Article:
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8 Cards in this Set

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  • Back
stare decisis
"to stand by things decided". Prior court decisions must be recognized as precedents, according to case law. Many argue this principle interferes with the right of judges to interpret law and the right of the legislature to make law
original jurisdiction
Matters on which the court rules in the first instance. The authority of the court to hold a trial, it is NOT an appeal from another court. The only original jurisdiction cases in the Supreme Court are disputes between two or more US States, typically regarding boundary lines, water claims, or other property issues.
judicial review
The power of a court to review a statute, or an official action or inaction, for constitutionality. Power to strike down laws in an implied power from Article III and IV. Judicial review first announced as part of federal law in 1803 through Marbury v. Madison.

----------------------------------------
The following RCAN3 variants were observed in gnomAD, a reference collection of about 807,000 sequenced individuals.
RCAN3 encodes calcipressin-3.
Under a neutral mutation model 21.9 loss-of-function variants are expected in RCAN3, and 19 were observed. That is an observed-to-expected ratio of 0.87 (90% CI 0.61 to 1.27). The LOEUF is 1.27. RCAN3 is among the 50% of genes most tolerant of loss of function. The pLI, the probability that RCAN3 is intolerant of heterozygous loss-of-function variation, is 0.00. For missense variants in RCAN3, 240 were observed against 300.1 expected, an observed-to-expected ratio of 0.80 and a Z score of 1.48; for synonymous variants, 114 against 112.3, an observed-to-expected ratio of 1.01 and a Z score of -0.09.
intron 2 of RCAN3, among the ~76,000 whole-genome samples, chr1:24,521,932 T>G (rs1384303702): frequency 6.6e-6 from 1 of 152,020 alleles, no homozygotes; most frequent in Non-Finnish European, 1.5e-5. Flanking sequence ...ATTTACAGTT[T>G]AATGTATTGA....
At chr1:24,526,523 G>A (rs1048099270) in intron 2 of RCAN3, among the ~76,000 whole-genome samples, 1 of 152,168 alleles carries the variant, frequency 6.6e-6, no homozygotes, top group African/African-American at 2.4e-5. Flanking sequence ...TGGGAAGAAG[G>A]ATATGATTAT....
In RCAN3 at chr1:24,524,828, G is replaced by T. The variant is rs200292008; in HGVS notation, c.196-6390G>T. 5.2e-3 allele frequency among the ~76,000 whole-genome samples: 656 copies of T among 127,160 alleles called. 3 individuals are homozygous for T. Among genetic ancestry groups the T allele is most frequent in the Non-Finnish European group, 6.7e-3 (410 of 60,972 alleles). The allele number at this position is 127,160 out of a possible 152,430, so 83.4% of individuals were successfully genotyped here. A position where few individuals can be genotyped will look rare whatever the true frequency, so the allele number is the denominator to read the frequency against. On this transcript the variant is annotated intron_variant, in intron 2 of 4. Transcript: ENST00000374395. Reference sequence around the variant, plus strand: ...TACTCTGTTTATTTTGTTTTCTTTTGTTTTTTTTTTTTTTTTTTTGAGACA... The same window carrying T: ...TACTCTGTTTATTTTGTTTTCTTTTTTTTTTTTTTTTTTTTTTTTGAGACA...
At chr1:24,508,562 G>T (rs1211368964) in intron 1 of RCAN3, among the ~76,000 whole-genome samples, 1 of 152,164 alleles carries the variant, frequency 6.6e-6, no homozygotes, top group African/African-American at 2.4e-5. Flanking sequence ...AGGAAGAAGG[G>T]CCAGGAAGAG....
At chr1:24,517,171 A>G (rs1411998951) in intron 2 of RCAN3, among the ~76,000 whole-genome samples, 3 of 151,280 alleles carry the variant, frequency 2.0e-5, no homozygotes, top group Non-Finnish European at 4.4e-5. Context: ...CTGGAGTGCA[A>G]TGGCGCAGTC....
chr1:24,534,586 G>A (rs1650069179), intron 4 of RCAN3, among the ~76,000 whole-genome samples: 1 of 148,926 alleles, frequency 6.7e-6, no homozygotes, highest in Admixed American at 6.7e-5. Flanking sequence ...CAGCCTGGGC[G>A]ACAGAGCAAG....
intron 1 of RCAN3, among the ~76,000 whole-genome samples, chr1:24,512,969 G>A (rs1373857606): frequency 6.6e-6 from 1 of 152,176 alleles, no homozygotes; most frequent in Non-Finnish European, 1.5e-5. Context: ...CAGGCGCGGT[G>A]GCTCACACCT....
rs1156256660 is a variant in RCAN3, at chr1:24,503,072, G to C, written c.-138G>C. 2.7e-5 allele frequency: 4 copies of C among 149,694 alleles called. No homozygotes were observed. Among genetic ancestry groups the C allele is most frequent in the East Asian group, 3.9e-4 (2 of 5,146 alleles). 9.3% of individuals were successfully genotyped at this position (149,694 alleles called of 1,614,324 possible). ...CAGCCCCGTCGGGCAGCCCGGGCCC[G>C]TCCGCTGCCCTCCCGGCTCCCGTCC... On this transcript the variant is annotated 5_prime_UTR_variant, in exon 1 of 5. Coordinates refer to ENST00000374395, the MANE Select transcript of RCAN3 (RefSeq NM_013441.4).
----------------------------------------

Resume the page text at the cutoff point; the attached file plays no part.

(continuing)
Marbury v. Madison
(1803) William Marbury filed suit against James Madison to commission the 42 "midnight judges". 25/42 were not affirmed by the incoming Jefferson administration. Chief Justice John Marshall ruled that Marbury could not force the commissions. Marshall said the failure to deliver the commission was "violative of a vested legal right." For every violation of a vested legal right, there must be a legal remedy.
judicial activism
The tendency of some judges to take a flexible view of their power of judicial interpretation. Usually used perjoratively to describe decisions that are perceived to endorse a particular agenda.
judicial restraint
Theory of judicial interpretation that endorses the limited exercise of power by the judiciary. Strict constructionist, interpretivist, and textualist views. Deferrence to the framers of the constitution and their intents in writing it.
A type of writ seeking judicial review. The writ that an appellate court issues to a lower court in order to review its judgement for legal error, where no appeal is available as a matter of right. Since the Judiciary Act of 1925 most cases cannot be appealed to the US Supreme Court as a matter of right. 4/9 justices must vote to grant a writ of certiorari ("the rule of four").
amicus curiae
"friend of the court" that refers to someone, not a party to the case, who volunteers to offer information on a point of law or some other aspect of the case to assist the court. Advocacy or interest groups frequently submit briefs brought on by amicus curiae. Written consent of all parties is needed or by leave of court granted or at the request of the court.